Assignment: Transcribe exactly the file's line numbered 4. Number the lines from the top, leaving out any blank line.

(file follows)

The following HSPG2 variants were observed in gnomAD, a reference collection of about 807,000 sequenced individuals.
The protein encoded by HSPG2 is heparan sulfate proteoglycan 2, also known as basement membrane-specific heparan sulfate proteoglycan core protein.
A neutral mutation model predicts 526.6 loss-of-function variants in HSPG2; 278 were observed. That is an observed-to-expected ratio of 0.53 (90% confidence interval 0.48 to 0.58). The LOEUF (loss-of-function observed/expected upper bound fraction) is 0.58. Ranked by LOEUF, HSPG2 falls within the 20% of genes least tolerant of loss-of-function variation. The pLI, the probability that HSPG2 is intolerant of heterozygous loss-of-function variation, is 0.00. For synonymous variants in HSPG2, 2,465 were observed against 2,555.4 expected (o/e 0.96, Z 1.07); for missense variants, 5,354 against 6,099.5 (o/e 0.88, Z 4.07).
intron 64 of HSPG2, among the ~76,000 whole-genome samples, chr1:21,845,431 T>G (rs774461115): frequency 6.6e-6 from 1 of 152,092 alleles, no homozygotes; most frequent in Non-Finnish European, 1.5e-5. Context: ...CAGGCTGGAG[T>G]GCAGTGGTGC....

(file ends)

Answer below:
intron 64 of HSPG2, among the ~76,000 whole-genome samples, chr1:21,845,431 T>G (rs774461115): frequency 6.6e-6 from 1 of 152,092 alleles, no homozygotes; most frequent in Non-Finnish European, 1.5e-5. Context: ...CAGGCTGGAG[T>G]GCAGTGGTGC....